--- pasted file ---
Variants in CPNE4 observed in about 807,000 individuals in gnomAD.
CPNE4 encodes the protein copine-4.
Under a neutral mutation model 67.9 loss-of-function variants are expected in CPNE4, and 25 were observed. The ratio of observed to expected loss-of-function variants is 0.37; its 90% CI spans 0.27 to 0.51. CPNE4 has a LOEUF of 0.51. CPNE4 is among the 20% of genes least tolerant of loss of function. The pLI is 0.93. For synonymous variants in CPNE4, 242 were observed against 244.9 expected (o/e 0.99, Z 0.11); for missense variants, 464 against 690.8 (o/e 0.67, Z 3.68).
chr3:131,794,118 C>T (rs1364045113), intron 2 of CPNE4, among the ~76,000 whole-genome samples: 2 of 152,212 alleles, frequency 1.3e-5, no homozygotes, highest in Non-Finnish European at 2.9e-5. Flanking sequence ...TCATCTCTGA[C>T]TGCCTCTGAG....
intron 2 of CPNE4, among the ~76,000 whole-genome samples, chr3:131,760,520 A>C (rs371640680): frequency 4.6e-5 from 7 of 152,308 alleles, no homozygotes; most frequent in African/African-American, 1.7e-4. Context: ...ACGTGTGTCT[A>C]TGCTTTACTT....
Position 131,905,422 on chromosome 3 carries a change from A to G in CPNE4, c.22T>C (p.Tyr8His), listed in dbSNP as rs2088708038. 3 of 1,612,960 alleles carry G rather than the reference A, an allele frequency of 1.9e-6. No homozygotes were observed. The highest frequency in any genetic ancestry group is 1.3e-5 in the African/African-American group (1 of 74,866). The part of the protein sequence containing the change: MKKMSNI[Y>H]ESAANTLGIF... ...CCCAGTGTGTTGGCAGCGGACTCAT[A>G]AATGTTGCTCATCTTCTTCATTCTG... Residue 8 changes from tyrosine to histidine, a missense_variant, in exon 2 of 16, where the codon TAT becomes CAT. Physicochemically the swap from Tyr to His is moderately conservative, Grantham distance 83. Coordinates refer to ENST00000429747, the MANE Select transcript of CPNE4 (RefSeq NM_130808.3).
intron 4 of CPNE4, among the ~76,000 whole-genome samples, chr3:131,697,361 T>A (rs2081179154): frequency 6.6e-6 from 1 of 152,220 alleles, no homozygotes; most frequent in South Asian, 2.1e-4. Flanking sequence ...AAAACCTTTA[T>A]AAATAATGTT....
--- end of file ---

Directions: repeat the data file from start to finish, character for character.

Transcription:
Variants in CPNE4 observed in about 807,000 individuals in gnomAD.
CPNE4 encodes the protein copine-4.
Under a neutral mutation model 67.9 loss-of-function variants are expected in CPNE4, and 25 were observed. The ratio of observed to expected loss-of-function variants is 0.37; its 90% CI spans 0.27 to 0.51. CPNE4 has a LOEUF of 0.51. CPNE4 is among the 20% of genes least tolerant of loss of function. The pLI is 0.93. For synonymous variants in CPNE4, 242 were observed against 244.9 expected (o/e 0.99, Z 0.11); for missense variants, 464 against 690.8 (o/e 0.67, Z 3.68).
chr3:131,794,118 C>T (rs1364045113), intron 2 of CPNE4, among the ~76,000 whole-genome samples: 2 of 152,212 alleles, frequency 1.3e-5, no homozygotes, highest in Non-Finnish European at 2.9e-5. Flanking sequence ...TCATCTCTGA[C>T]TGCCTCTGAG....
intron 2 of CPNE4, among the ~76,000 whole-genome samples, chr3:131,760,520 A>C (rs371640680): frequency 4.6e-5 from 7 of 152,308 alleles, no homozygotes; most frequent in African/African-American, 1.7e-4. Context: ...ACGTGTGTCT[A>C]TGCTTTACTT....
Position 131,905,422 on chromosome 3 carries a change from A to G in CPNE4, c.22T>C (p.Tyr8His), listed in dbSNP as rs2088708038. 3 of 1,612,960 alleles carry G rather than the reference A, an allele frequency of 1.9e-6. No homozygotes were observed. The highest frequency in any genetic ancestry group is 1.3e-5 in the African/African-American group (1 of 74,866). The part of the protein sequence containing the change: MKKMSNI[Y>H]ESAANTLGIF... ...CCCAGTGTGTTGGCAGCGGACTCAT[A>G]AATGTTGCTCATCTTCTTCATTCTG... Residue 8 changes from tyrosine to histidine, a missense_variant, in exon 2 of 16, where the codon TAT becomes CAT. Physicochemically the swap from Tyr to His is moderately conservative, Grantham distance 83. Coordinates refer to ENST00000429747, the MANE Select transcript of CPNE4 (RefSeq NM_130808.3).
intron 4 of CPNE4, among the ~76,000 whole-genome samples, chr3:131,697,361 T>A (rs2081179154): frequency 6.6e-6 from 1 of 152,220 alleles, no homozygotes; most frequent in South Asian, 2.1e-4. Flanking sequence ...AAAACCTTTA[T>A]AAATAATGTT....